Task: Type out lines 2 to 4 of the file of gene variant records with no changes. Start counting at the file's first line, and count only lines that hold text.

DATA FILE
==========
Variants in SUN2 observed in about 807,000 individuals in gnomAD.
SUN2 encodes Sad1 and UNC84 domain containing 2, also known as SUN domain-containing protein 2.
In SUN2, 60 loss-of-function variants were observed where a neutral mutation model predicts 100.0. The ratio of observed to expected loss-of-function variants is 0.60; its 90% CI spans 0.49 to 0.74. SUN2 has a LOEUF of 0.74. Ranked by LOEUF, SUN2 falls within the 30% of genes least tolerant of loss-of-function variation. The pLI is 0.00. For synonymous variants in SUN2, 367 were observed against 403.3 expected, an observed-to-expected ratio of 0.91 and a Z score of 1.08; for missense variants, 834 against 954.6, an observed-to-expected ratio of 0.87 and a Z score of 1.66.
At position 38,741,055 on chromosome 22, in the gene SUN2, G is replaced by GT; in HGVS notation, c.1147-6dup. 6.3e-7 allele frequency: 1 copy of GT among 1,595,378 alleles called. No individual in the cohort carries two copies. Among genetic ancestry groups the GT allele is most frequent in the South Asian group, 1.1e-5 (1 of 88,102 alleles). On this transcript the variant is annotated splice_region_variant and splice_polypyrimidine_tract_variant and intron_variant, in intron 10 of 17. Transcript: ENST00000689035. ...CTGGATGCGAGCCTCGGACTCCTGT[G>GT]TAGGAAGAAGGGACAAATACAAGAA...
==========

SUN2 encodes Sad1 and UNC84 domain containing 2, also known as SUN domain-containing protein 2.
In SUN2, 60 loss-of-function variants were observed where a neutral mutation model predicts 100.0. The ratio of observed to expected loss-of-function variants is 0.60; its 90% CI spans 0.49 to 0.74. SUN2 has a LOEUF of 0.74. Ranked by LOEUF, SUN2 falls within the 30% of genes least tolerant of loss-of-function variation. The pLI is 0.00. For synonymous variants in SUN2, 367 were observed against 403.3 expected, an observed-to-expected ratio of 0.91 and a Z score of 1.08; for missense variants, 834 against 954.6, an observed-to-expected ratio of 0.87 and a Z score of 1.66.
At position 38,741,055 on chromosome 22, in the gene SUN2, G is replaced by GT; in HGVS notation, c.1147-6dup. 6.3e-7 allele frequency: 1 copy of GT among 1,595,378 alleles called. No individual in the cohort carries two copies. Among genetic ancestry groups the GT allele is most frequent in the South Asian group, 1.1e-5 (1 of 88,102 alleles). On this transcript the variant is annotated splice_region_variant and splice_polypyrimidine_tract_variant and intron_variant, in intron 10 of 17. Transcript: ENST00000689035. ...CTGGATGCGAGCCTCGGACTCCTGT[G>GT]TAGGAAGAAGGGACAAATACAAGAA...